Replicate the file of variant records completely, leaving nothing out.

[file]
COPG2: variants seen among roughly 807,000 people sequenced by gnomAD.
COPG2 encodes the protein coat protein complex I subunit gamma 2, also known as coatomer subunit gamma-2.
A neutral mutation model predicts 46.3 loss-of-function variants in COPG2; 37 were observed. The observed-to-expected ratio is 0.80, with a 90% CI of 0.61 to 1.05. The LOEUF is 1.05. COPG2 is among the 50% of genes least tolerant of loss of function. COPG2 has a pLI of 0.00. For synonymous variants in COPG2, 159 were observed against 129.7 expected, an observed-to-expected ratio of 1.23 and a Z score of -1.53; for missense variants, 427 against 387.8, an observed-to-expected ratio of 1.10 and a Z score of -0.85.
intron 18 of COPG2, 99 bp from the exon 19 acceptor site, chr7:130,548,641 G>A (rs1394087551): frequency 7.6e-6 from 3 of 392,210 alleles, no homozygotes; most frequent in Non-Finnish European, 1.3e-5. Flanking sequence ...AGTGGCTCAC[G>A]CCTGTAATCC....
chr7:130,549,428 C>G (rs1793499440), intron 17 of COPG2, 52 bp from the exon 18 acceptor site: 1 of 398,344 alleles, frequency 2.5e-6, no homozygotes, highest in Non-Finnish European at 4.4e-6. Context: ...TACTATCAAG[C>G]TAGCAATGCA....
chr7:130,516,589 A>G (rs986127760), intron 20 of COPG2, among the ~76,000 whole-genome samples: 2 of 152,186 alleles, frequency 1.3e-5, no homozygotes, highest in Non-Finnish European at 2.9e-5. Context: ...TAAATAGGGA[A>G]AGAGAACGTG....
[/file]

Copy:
COPG2: variants seen among roughly 807,000 people sequenced by gnomAD.
COPG2 encodes the protein coat protein complex I subunit gamma 2, also known as coatomer subunit gamma-2.
A neutral mutation model predicts 46.3 loss-of-function variants in COPG2; 37 were observed. The observed-to-expected ratio is 0.80, with a 90% CI of 0.61 to 1.05. The LOEUF is 1.05. COPG2 is among the 50% of genes least tolerant of loss of function. COPG2 has a pLI of 0.00. For synonymous variants in COPG2, 159 were observed against 129.7 expected, an observed-to-expected ratio of 1.23 and a Z score of -1.53; for missense variants, 427 against 387.8, an observed-to-expected ratio of 1.10 and a Z score of -0.85.
intron 18 of COPG2, 99 bp from the exon 19 acceptor site, chr7:130,548,641 G>A (rs1394087551): frequency 7.6e-6 from 3 of 392,210 alleles, no homozygotes; most frequent in Non-Finnish European, 1.3e-5. Flanking sequence ...AGTGGCTCAC[G>A]CCTGTAATCC....
chr7:130,549,428 C>G (rs1793499440), intron 17 of COPG2, 52 bp from the exon 18 acceptor site: 1 of 398,344 alleles, frequency 2.5e-6, no homozygotes, highest in Non-Finnish European at 4.4e-6. Context: ...TACTATCAAG[C>G]TAGCAATGCA....
chr7:130,516,589 A>G (rs986127760), intron 20 of COPG2, among the ~76,000 whole-genome samples: 2 of 152,186 alleles, frequency 1.3e-5, no homozygotes, highest in Non-Finnish European at 2.9e-5. Context: ...TAAATAGGGA[A>G]AGAGAACGTG....